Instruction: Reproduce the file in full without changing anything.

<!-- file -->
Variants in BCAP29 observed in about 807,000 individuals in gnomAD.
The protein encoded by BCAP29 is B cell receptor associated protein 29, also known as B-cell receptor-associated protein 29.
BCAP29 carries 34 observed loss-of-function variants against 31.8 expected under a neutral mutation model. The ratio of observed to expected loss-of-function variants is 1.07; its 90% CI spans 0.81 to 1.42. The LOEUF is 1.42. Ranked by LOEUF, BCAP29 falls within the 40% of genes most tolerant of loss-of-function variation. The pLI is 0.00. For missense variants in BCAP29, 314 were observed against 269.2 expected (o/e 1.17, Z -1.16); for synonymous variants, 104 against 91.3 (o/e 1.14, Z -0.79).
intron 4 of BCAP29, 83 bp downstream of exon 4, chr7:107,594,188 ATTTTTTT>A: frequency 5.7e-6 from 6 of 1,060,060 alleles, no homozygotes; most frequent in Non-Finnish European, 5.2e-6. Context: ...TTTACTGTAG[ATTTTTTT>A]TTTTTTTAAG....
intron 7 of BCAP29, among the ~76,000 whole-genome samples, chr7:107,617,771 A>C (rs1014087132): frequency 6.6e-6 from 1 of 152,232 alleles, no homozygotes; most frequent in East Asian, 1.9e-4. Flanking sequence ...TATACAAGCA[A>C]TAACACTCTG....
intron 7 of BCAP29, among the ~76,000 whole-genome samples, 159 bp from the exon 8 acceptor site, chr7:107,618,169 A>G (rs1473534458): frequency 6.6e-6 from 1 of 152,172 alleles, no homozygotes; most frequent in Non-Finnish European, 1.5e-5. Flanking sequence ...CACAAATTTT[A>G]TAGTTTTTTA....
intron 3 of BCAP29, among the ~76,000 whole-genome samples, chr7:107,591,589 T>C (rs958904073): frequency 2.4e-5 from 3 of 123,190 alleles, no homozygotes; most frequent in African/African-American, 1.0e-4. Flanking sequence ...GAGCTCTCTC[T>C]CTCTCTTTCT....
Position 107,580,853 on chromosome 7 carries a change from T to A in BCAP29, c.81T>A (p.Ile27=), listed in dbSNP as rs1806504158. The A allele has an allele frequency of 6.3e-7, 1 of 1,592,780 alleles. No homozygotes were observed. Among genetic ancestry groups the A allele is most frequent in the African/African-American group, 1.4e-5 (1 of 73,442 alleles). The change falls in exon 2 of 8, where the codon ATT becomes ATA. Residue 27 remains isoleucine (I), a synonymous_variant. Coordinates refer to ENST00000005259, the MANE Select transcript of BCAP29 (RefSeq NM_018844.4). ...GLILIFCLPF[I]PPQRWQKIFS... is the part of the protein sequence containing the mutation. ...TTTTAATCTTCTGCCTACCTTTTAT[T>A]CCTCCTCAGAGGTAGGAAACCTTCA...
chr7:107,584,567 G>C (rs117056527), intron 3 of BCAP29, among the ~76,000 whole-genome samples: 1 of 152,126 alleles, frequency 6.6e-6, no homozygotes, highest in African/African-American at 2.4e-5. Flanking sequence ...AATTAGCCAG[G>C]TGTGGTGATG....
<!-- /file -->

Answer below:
Variants in BCAP29 observed in about 807,000 individuals in gnomAD.
The protein encoded by BCAP29 is B cell receptor associated protein 29, also known as B-cell receptor-associated protein 29.
BCAP29 carries 34 observed loss-of-function variants against 31.8 expected under a neutral mutation model. The ratio of observed to expected loss-of-function variants is 1.07; its 90% CI spans 0.81 to 1.42. The LOEUF is 1.42. Ranked by LOEUF, BCAP29 falls within the 40% of genes most tolerant of loss-of-function variation. The pLI is 0.00. For missense variants in BCAP29, 314 were observed against 269.2 expected (o/e 1.17, Z -1.16); for synonymous variants, 104 against 91.3 (o/e 1.14, Z -0.79).
intron 4 of BCAP29, 83 bp downstream of exon 4, chr7:107,594,188 ATTTTTTT>A: frequency 5.7e-6 from 6 of 1,060,060 alleles, no homozygotes; most frequent in Non-Finnish European, 5.2e-6. Context: ...TTTACTGTAG[ATTTTTTT>A]TTTTTTTAAG....
intron 7 of BCAP29, among the ~76,000 whole-genome samples, chr7:107,617,771 A>C (rs1014087132): frequency 6.6e-6 from 1 of 152,232 alleles, no homozygotes; most frequent in East Asian, 1.9e-4. Flanking sequence ...TATACAAGCA[A>C]TAACACTCTG....
intron 7 of BCAP29, among the ~76,000 whole-genome samples, 159 bp from the exon 8 acceptor site, chr7:107,618,169 A>G (rs1473534458): frequency 6.6e-6 from 1 of 152,172 alleles, no homozygotes; most frequent in Non-Finnish European, 1.5e-5. Flanking sequence ...CACAAATTTT[A>G]TAGTTTTTTA....
intron 3 of BCAP29, among the ~76,000 whole-genome samples, chr7:107,591,589 T>C (rs958904073): frequency 2.4e-5 from 3 of 123,190 alleles, no homozygotes; most frequent in African/African-American, 1.0e-4. Flanking sequence ...GAGCTCTCTC[T>C]CTCTCTTTCT....
Position 107,580,853 on chromosome 7 carries a change from T to A in BCAP29, c.81T>A (p.Ile27=), listed in dbSNP as rs1806504158. The A allele has an allele frequency of 6.3e-7, 1 of 1,592,780 alleles. No homozygotes were observed. Among genetic ancestry groups the A allele is most frequent in the African/African-American group, 1.4e-5 (1 of 73,442 alleles). The change falls in exon 2 of 8, where the codon ATT becomes ATA. Residue 27 remains isoleucine (I), a synonymous_variant. Coordinates refer to ENST00000005259, the MANE Select transcript of BCAP29 (RefSeq NM_018844.4). ...GLILIFCLPF[I]PPQRWQKIFS... is the part of the protein sequence containing the mutation. ...TTTTAATCTTCTGCCTACCTTTTAT[T>A]CCTCCTCAGAGGTAGGAAACCTTCA...
chr7:107,584,567 G>C (rs117056527), intron 3 of BCAP29, among the ~76,000 whole-genome samples: 1 of 152,126 alleles, frequency 6.6e-6, no homozygotes, highest in African/African-American at 2.4e-5. Flanking sequence ...AATTAGCCAG[G>C]TGTGGTGATG....